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Kickstarter.com, crowdfunding in general

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Kickstarter.com, crowdfunding in general

Unread postby Sixstrings » Tue 08 May 2012, 00:26:40

Interesting trend out there lately: crowdfunding. Using social media to get small investors. Obama just signed a law that will make this easier.

With Kickstarter.com for example, a musician has raised $500k+ for her new album. Now my problem with this site is it appears that investors never get paid back or maybe I'm wrong and it's an "interest-free loan," but there's no profit sharing and you don't get a share of stock you can sell, rather the investors get other intangible rewards:

At this very second, thousands of people are checking out projects on Kickstarter. They're rallying around their friends' ideas, backing projects from people they've long admired, and discovering things that make them laugh and smile.

Every project is independently crafted, put to all-or-nothing funding,
and supported by friends, fans, and the public in return for rewards.

Rewards are things like a copy of what’s being made, a limited edition, or a custom experience related to the project. This isn’t Best Buy – rewards aren’t shrink-wrapped and ready to ship. Once the project is funded, the journey to bring them to life begins.
http://www.kickstarter.com/


While opening up venture capitalism to the little guy sounds interesting, people should be getting a share in what they're investing in rather than "a custom experience." If a musician makes a profit from their album, shouldn't investors see some profit on their investment?

Anyhow.. if you're artistically-minded or made a board game or video game or whatever, apparently you can use this site and people will just give you money for it.

(if I got anything wrong I apologize I just tried to figure this thing out)

As for crowdfunding -- it's sure interesting, but I think with the looser regulations a lot of small investors are going to get taken.
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Re: Kickstarter.com, crowdfunding in general

Unread postby The Practician » Thu 10 May 2012, 21:05:18

Sixstrings wrote:I
As for crowdfunding -- it's sure interesting, but I think with the looser regulations a lot of small investors are going to get taken.


Dave Cohen, who writes the Decline of the Empire Blog, did an excellent post on this issue back in March. you should check it out.

http://www.declineoftheempire.com/2012/03/the-water-is-full-of-sharks.html
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Re: Kickstarter.com, crowdfunding in general

Unread postby Sixstrings » Fri 11 May 2012, 01:07:06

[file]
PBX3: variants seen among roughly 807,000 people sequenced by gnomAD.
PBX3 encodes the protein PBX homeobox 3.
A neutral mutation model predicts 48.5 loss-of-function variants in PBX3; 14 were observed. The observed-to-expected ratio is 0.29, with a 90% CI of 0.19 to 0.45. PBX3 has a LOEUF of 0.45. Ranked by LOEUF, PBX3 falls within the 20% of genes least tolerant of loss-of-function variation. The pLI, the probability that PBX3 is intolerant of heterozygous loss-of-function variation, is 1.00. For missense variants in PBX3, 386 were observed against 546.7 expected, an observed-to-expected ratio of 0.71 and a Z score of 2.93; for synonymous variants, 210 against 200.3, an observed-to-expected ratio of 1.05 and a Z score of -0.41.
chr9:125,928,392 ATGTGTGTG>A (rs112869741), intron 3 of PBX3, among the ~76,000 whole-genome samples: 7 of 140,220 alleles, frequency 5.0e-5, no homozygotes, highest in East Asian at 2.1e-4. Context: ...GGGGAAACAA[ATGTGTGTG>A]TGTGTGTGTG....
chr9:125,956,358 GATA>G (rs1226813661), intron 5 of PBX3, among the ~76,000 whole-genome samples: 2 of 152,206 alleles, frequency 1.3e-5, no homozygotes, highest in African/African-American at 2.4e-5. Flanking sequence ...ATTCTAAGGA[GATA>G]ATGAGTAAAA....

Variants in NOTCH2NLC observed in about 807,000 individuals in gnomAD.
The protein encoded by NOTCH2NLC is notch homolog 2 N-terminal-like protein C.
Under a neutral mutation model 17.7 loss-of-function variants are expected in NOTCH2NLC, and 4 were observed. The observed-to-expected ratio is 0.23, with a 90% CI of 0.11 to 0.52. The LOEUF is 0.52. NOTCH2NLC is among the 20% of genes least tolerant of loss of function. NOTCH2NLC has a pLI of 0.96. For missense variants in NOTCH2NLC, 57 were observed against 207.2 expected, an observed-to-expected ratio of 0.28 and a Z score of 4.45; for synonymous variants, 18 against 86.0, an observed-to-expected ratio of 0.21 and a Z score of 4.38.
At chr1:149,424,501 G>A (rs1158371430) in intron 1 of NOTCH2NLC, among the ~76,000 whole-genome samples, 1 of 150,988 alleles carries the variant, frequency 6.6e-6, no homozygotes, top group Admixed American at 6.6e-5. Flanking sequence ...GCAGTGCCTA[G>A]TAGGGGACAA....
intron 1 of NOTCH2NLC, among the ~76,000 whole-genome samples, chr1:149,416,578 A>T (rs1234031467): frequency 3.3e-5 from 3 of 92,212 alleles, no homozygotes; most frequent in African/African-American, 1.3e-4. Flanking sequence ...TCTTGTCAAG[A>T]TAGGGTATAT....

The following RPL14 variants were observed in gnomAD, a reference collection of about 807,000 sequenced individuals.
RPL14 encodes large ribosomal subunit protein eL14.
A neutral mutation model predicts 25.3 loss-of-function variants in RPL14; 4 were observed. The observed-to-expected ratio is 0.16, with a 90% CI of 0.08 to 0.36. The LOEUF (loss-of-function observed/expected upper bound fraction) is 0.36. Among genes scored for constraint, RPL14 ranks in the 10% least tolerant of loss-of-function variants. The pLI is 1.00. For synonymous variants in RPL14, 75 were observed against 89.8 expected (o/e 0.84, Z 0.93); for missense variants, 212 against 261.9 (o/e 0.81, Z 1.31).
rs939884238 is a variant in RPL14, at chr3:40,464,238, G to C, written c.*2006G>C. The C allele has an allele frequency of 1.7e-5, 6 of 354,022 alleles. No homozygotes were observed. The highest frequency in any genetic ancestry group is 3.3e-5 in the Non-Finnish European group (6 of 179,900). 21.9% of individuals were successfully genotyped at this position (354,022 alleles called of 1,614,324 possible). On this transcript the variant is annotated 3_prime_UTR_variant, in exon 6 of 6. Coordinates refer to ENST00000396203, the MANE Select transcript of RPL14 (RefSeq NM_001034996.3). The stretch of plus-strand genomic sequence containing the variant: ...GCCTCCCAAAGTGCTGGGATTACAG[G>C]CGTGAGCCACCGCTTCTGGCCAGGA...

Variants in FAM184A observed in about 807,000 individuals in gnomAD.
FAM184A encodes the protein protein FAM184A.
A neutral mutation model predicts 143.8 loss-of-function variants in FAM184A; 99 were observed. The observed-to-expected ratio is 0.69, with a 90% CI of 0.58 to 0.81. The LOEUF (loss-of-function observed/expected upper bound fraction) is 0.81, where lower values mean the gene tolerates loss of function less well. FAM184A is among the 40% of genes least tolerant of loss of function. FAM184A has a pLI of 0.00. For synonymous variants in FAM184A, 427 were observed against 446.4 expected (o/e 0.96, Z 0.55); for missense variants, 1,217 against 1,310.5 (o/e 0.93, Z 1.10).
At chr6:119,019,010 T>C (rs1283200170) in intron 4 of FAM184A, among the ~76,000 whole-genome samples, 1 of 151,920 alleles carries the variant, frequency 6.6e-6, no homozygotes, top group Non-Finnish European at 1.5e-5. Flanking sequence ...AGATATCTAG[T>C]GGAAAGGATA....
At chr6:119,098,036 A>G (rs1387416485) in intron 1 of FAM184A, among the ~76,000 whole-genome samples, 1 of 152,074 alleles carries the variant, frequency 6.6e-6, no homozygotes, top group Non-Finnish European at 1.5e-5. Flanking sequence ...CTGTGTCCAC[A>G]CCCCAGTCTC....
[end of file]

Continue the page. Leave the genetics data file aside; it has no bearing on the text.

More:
The Practician wrote:Dave Cohen, who writes the Decline of the Empire Blog, did an excellent post on this issue back in March. you should check it out.


Good article.

Yeah, it seems to me like opening the door to more financial de-regulation. In principle it's a good idea but REGULATION makes all the difference between legitimate investing and ponzi schemes / pennystock push scams.

Just because it's crowdsourced funding is no good reason for less regulation. It's very important these companies have good accounting and have to report to somebody. That should be the role of government here, just ENSURE HONESTY in accounting, ensure these aren't ponzi schemes.

Unfotunately, it looks more like just another scam. Less accounting, less responsibility, more opportunity to game investors. Will there be more games like Lehman used to do, pumping up bad stocks then dumping? And now because it's de-regulated "crowdfunded" there's no way to objectively know if "that guy on the internet" is scamming you.

This would be a good idea if only there were solid regulation. In principle it's a powerful idea.. a dev could push out a stock offer over smartphones. Consumers see some cool app or game they'd love to see made, and buy into it to make it happen. Fantastic idea, but there must be accountability or it can't work.

I don't know all the details here, but if the stock offers were handled by some kind of truly objective market maker (think ebay), then it would be in the 3rd party's interest to enforce accountability. Just as ebay does now, they can't stay in business if too many of their sellers are fraudulent.
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Re: Kickstarter.com, crowdfunding in general

Unread postby radon » Fri 11 May 2012, 03:12:35

Regulation is not panacea. It is an additional cost, and then there is always a question "who will regulate the regulators".

In microfinance, the cost of regulation may well be at par or exceed the amounts raised for the start up. So that the taxpayers or whoever would have to spend another grand on regulatory filings or the regulators' salaries for every grand raised.

The easiest way for them would be to prohibit any investment-type activities altogether, limiting the scope of contributions to donations. The start ups should be forbidden to make any promises regarding investor returns under the threat that violation would entail permanent ban and blacklisting. But then the contributors should be able to open up accounts with the website to which the recipients could later donate back whatever amounts they would like.
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Re: Kickstarter.com, crowdfunding in general

Unread postby SeaGypsy » Fri 11 May 2012, 03:18:50

I'm going to put up an idea and see what comes of it. Something about throwing an outrigger together and sailing it on the fly from Australia to Asia via the last remaining aboriginal tribes. Being open source only matters if any Joe Blogs can take your concept to development. I personally don't see anything seriously wrong, given the constraints you bring up 6. There is way too much elitism when it comes to either investing or seeking investment. An Ebay level of accountability seems about right.
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Re: Kickstarter.com, crowdfunding in general

Unread postby Sixstrings » Sat 12 May 2012, 03:45:04

SeaGypsy wrote:I'm going to put up an idea and see what comes of it.


Good luck!

I'd say keep us posted, but if you link it here people would see your full name so just be aware of that.

Looking at this thing some more, it seems like some of these projects people are getting family and friends to fund them (if you have a big facebook network, that could work). It seems like *some* random strangers kick money in too. Hard to know what the ratio is, or why strangers would donate at all with only "perks" as rewards. I read about a games company that raised THREE MILLION DOLLARS just offering nebulous perks like tshirts and lunch. The CEO laughed at the idea of giving equity, he rightly pointed out all the money they raised for offering nothing but a lunch.